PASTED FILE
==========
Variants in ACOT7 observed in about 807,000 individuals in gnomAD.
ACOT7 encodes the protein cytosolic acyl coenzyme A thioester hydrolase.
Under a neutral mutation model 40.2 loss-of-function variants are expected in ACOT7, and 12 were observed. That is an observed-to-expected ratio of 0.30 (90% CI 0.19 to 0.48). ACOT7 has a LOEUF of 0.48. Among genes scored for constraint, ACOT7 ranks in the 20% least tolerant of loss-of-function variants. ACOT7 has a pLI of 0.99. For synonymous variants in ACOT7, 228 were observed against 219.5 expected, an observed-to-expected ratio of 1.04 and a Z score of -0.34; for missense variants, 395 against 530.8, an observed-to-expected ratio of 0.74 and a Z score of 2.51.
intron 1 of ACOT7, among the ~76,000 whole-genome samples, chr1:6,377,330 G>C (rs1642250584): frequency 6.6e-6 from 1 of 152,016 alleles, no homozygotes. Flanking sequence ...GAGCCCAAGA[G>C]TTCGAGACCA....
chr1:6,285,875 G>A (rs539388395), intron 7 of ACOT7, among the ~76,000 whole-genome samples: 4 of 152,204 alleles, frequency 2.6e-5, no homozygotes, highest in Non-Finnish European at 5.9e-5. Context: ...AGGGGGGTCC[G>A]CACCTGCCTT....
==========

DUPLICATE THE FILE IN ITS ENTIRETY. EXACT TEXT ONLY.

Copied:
Variants in ACOT7 observed in about 807,000 individuals in gnomAD.
ACOT7 encodes the protein cytosolic acyl coenzyme A thioester hydrolase.
Under a neutral mutation model 40.2 loss-of-function variants are expected in ACOT7, and 12 were observed. That is an observed-to-expected ratio of 0.30 (90% CI 0.19 to 0.48). ACOT7 has a LOEUF of 0.48. Among genes scored for constraint, ACOT7 ranks in the 20% least tolerant of loss-of-function variants. ACOT7 has a pLI of 0.99. For synonymous variants in ACOT7, 228 were observed against 219.5 expected, an observed-to-expected ratio of 1.04 and a Z score of -0.34; for missense variants, 395 against 530.8, an observed-to-expected ratio of 0.74 and a Z score of 2.51.
intron 1 of ACOT7, among the ~76,000 whole-genome samples, chr1:6,377,330 G>C (rs1642250584): frequency 6.6e-6 from 1 of 152,016 alleles, no homozygotes. Flanking sequence ...GAGCCCAAGA[G>C]TTCGAGACCA....
chr1:6,285,875 G>A (rs539388395), intron 7 of ACOT7, among the ~76,000 whole-genome samples: 4 of 152,204 alleles, frequency 2.6e-5, no homozygotes, highest in Non-Finnish European at 5.9e-5. Context: ...AGGGGGGTCC[G>A]CACCTGCCTT....